Its a great car. The car itself is completely vanilla, but I love how smooth and quiet it is. At stoplights I think my other gas car has something wrong with all the vibration. The acceleration is linear and totally smooth. Not visiting gas stations is awesome. Its fun to sneak up on people in parking lots. The range anxiety went away after a month of owning the car, although its starting to come back. The BIG HOWEVER, I have had the car for over five years now, it has less than 60k miles and my battery capacity is now half of what it was when new. I was a responsible battery charger, and live in a mild climate. Since it is just out of warranty (4 years) its up to me to cover the cost of the replacement battery. I can currently go about 40 miles if I don't use the heater, and my work is about 40 miles roundtrip. I know all batteries degrade over time, and I was comfortable of having to replace it. What totally caught me by surprise is the cost of a new battery; quoted by my dealer is $8000. A quick blue book value of my car is about $6000. The horrible depreciation of the car combined with the cost of a replacement battery, completely make the economics of owning this car a terrible deal. For $8000 I could buy nearly twenty thousand gallons of gasoline! At 25 miles per gallon I could travel 500,000 miles! All these leafs are going to have to be converted to golf carts in retirement to get any value out of them.
Update 2-18. Car has about 68,000 miles now. Still gets me back and forth to work, but due to battery degradation the heater is only allowed for small spurts to defrost the windows in the winter. It is a great car durability wise since I have only had to change the tires so far, and drives like the day it was new. We tend to drive it less miles now because the range anxiety of driving to new places is resurfacing. Bad news is that battery degradation and the cost to replace it is crazy. Buying a used one that doesn't need to go very far makes sense. Today a 2011 leaf in my area goes for 5000-7000. Not sure what a battery costs today, if its still $8000, no way that makes sense. The battery needs to be closer to $1000 to even think of changing it.
Nissan keeps a lot of information closed to the public. Replies to questions get "canned answers". After a battery replacement the vehicle needed many other repairs. Even when I purchased a 5 year 100000 mile extended warranty the in service date caused me to lose 6 months on the warranty I paid for. We love using our EV but Nissan has been a pain.
The gauge is wrong, though I am missing only 4 bars my battery is under 50% of original capacity, a maximum charge from one bar to full is less than 10Kwh, my driving experience is 40 mi or less on a charge at this point in time. At 60,000 miles the dealer checked and told me that 3 bars down (which was my state at the time) was to be expected even though I experienced under 50 miles. My brakes pulse wildly at high speeds and I am on my third set of tires. Based on the revised battery warranty, a buyer should be well aware that their car will be worthless after 5 years and no one in their right mind should buy one used. All along the way my dealer (and the designated technician) demonstrated a total lack of knowledge and expertise on this car, and to this day has no idea about replacing a battery. As recently as this year (5 yrs after introduction) Nissan still does not have any description of what is covered ON A LEAF under their own extended warranty which demonstrates that they have not figured out yet how to deal with this technology.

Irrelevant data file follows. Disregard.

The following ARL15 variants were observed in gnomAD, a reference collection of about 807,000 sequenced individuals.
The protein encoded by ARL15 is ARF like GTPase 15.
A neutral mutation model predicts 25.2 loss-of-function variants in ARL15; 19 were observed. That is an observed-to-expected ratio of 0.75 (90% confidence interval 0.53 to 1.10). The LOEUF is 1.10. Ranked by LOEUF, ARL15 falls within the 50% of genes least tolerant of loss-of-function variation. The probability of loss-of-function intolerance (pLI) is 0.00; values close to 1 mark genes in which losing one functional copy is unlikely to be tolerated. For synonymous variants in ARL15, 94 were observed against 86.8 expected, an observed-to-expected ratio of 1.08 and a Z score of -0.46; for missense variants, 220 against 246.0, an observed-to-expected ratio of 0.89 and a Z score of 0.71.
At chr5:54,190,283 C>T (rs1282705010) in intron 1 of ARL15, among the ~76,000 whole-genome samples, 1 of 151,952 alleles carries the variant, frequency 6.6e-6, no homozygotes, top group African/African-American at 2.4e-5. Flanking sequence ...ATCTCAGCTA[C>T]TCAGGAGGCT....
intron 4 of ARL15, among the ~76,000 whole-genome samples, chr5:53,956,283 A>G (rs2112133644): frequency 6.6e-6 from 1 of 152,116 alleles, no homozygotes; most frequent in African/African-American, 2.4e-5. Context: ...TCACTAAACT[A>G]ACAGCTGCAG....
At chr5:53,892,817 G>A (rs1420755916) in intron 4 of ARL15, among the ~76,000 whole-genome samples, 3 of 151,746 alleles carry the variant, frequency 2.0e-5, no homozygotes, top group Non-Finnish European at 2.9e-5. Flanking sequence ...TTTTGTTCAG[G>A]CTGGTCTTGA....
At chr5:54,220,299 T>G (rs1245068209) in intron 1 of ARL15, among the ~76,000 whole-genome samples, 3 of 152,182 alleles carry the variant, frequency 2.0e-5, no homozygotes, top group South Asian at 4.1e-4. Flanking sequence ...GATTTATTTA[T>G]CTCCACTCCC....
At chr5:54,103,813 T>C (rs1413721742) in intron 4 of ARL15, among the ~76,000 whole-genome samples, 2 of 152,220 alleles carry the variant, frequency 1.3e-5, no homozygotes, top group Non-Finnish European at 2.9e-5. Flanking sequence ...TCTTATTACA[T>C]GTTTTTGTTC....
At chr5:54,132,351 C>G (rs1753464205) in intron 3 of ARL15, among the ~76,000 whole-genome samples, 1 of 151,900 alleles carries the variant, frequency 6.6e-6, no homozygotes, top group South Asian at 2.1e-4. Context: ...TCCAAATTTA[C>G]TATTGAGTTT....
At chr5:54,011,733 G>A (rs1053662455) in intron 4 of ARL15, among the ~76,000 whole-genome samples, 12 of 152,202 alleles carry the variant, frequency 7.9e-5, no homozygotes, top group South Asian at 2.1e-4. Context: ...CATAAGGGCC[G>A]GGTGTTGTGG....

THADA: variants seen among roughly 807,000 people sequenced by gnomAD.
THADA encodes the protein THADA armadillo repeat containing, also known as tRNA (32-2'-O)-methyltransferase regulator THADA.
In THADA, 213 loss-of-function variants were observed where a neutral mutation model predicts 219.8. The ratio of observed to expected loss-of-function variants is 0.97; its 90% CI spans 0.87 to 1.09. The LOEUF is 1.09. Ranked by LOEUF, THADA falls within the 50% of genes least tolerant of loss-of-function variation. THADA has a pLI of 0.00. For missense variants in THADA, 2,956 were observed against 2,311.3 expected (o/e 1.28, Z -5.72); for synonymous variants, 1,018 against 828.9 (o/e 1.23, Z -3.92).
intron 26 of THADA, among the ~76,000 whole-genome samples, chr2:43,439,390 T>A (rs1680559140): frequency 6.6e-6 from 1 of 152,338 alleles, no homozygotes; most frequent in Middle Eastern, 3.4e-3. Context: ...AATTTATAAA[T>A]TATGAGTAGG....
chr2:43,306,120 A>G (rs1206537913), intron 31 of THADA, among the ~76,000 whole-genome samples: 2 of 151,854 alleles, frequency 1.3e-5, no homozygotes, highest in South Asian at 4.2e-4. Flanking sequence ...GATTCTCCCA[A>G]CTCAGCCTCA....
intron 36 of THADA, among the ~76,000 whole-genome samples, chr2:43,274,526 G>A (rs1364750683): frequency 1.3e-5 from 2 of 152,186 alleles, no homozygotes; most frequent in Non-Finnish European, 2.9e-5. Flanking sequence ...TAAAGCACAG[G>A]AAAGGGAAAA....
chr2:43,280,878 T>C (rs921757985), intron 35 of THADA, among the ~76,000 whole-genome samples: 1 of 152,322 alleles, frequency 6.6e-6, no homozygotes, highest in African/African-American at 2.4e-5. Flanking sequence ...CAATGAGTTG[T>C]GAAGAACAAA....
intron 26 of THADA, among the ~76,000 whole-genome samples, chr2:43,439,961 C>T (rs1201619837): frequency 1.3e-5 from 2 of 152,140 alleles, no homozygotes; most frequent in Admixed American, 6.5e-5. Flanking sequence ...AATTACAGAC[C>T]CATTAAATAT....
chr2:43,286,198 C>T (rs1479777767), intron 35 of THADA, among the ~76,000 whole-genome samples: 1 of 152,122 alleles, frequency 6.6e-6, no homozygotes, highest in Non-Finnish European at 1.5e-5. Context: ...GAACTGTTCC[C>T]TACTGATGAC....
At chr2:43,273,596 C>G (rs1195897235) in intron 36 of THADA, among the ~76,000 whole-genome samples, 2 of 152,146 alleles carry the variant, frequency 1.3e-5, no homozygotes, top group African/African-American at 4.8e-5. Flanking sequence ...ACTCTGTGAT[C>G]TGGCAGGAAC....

Why is this a history making car? Because the Nissan Leaf was one of the first practical and affordable all-electric sedans. I purchased this car new in 2011. Back then, the Leaf was made in Japan. Now they are made in Tennessee, but I don't think there should be a difference in quality. My Leaf has almost 50,000 miles on it, and it has been reliable and almost completely trouble free. It is deceptively roomy inside because there is no fuel tank or exhaust system. Maintenance costs are low. The original tires lasted 45,000 miles. To recapture the kinetic energy of the car, most of the braking is done by the drive train. This is called "regenerative braking", and allows the drive train to act as a generator to charge the battery. All electric vehicles and hybrids utilize regenerative braking. Not only is regenerative braking energy efficient, it allows the brakes to last a long time. For example, I also own a Toyota Prius with over 100,000 miles on it, and the brakes have never been serviced. Driving an electric car is fun. The electric motor provides all of its torque instantly, which allows excellent acceleration from a stop as well as on the road. It is quite, and there are no vibrations. There are no exhaust fumes or oil leaks, and the drive train of the car tends to stay clean. The down side of any electric car is the battery. Batteries are heavy and expensive. They become less efficient in very cold weather, and they lose charge capacity as they age. Both of these translate into reduced range. And you need access to a 220 volt charging station to recharge the car in a few hours. The Leaf is sold with either a 24 kWh battery or a 30 kWh battery. I recommend the 30 kWh battery as it provides a range (when new) of about 100 miles, rather than the 75 miles provided by the 24 kWh battery. That 75 mile range provided by the 24 kWh battery when new drops down to about 55 miles after 5 years. So, the larger battery will allow you a more generous range even after the car is several years old. Despite the battery issue, I really enjoy the Leaf ownership experience. Nissan service and support has been very good. Based on my Leaf ownership, I have become a fan of electric drivetrains, so much so that I am now on my second Leaf, one with the 30 kWh battery (which was not available in 2011). I do not think that I will ever go back to owning a car that is not either all-electric or a hybrid. Nissan should be commended for taking a big risk in developing and marketing the Leaf. I think that the commitment to manufacturing an all-electric car will pay off for Nissan in the future.